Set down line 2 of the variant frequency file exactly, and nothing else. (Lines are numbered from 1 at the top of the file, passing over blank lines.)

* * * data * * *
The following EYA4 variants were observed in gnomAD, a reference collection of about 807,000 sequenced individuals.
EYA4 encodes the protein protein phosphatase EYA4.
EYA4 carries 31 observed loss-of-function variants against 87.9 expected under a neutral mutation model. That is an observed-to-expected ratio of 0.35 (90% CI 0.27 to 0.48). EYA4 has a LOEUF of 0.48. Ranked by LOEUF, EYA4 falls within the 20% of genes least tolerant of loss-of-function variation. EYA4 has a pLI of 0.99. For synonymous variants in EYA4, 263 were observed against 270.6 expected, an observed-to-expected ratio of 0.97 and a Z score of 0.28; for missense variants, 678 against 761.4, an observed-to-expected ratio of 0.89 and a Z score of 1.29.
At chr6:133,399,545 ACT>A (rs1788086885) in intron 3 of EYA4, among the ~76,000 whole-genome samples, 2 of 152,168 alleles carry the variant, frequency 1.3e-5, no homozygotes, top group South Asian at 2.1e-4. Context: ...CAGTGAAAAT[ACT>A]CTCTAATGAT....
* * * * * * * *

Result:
EYA4 encodes the protein protein phosphatase EYA4.